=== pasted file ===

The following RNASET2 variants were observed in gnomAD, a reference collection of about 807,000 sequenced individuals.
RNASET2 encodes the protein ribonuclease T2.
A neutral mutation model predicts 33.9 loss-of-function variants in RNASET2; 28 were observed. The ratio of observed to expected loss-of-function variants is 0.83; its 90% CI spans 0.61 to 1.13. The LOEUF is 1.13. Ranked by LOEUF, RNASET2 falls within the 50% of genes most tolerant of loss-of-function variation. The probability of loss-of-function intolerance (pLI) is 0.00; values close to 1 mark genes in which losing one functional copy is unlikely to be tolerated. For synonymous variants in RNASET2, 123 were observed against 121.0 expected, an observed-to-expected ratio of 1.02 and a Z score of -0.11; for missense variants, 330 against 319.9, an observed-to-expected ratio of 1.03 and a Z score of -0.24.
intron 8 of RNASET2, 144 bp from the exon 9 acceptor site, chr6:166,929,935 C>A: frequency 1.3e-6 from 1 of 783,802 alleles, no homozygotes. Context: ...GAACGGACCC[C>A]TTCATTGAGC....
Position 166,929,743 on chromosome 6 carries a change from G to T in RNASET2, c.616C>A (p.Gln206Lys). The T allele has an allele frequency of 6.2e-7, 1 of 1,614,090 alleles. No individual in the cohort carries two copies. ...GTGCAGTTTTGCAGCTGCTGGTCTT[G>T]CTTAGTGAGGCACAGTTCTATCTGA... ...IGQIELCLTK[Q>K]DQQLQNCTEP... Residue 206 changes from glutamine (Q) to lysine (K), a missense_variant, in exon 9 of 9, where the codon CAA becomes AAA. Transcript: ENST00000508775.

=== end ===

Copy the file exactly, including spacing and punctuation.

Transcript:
The following RNASET2 variants were observed in gnomAD, a reference collection of about 807,000 sequenced individuals.
RNASET2 encodes the protein ribonuclease T2.
A neutral mutation model predicts 33.9 loss-of-function variants in RNASET2; 28 were observed. The ratio of observed to expected loss-of-function variants is 0.83; its 90% CI spans 0.61 to 1.13. The LOEUF is 1.13. Ranked by LOEUF, RNASET2 falls within the 50% of genes most tolerant of loss-of-function variation. The probability of loss-of-function intolerance (pLI) is 0.00; values close to 1 mark genes in which losing one functional copy is unlikely to be tolerated. For synonymous variants in RNASET2, 123 were observed against 121.0 expected, an observed-to-expected ratio of 1.02 and a Z score of -0.11; for missense variants, 330 against 319.9, an observed-to-expected ratio of 1.03 and a Z score of -0.24.
intron 8 of RNASET2, 144 bp from the exon 9 acceptor site, chr6:166,929,935 C>A: frequency 1.3e-6 from 1 of 783,802 alleles, no homozygotes. Context: ...GAACGGACCC[C>A]TTCATTGAGC....
Position 166,929,743 on chromosome 6 carries a change from G to T in RNASET2, c.616C>A (p.Gln206Lys). The T allele has an allele frequency of 6.2e-7, 1 of 1,614,090 alleles. No individual in the cohort carries two copies. ...GTGCAGTTTTGCAGCTGCTGGTCTT[G>T]CTTAGTGAGGCACAGTTCTATCTGA... ...IGQIELCLTK[Q>K]DQQLQNCTEP... Residue 206 changes from glutamine (Q) to lysine (K), a missense_variant, in exon 9 of 9, where the codon CAA becomes AAA. Transcript: ENST00000508775.